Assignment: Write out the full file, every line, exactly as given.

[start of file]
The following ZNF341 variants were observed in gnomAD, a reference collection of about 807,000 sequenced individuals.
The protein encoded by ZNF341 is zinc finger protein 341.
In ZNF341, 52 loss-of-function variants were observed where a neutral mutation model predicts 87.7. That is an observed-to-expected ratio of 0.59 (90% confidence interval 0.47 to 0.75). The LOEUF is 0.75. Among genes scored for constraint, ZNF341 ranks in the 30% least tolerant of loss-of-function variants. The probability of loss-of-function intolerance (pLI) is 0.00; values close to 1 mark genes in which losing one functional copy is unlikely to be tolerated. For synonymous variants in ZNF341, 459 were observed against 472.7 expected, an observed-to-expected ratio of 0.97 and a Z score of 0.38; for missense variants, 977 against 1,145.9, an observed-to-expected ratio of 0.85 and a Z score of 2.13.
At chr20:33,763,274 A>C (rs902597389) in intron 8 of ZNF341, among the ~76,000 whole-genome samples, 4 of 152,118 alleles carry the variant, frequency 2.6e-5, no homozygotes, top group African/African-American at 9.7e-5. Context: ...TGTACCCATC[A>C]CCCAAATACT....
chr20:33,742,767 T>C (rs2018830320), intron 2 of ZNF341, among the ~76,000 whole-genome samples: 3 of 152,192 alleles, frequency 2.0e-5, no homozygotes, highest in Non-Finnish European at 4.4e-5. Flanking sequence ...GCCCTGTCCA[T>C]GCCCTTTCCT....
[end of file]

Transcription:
The following ZNF341 variants were observed in gnomAD, a reference collection of about 807,000 sequenced individuals.
The protein encoded by ZNF341 is zinc finger protein 341.
In ZNF341, 52 loss-of-function variants were observed where a neutral mutation model predicts 87.7. That is an observed-to-expected ratio of 0.59 (90% confidence interval 0.47 to 0.75). The LOEUF is 0.75. Among genes scored for constraint, ZNF341 ranks in the 30% least tolerant of loss-of-function variants. The probability of loss-of-function intolerance (pLI) is 0.00; values close to 1 mark genes in which losing one functional copy is unlikely to be tolerated. For synonymous variants in ZNF341, 459 were observed against 472.7 expected, an observed-to-expected ratio of 0.97 and a Z score of 0.38; for missense variants, 977 against 1,145.9, an observed-to-expected ratio of 0.85 and a Z score of 2.13.
At chr20:33,763,274 A>C (rs902597389) in intron 8 of ZNF341, among the ~76,000 whole-genome samples, 4 of 152,118 alleles carry the variant, frequency 2.6e-5, no homozygotes, top group African/African-American at 9.7e-5. Context: ...TGTACCCATC[A>C]CCCAAATACT....
chr20:33,742,767 T>C (rs2018830320), intron 2 of ZNF341, among the ~76,000 whole-genome samples: 3 of 152,192 alleles, frequency 2.0e-5, no homozygotes, highest in Non-Finnish European at 4.4e-5. Flanking sequence ...GCCCTGTCCA[T>C]GCCCTTTCCT....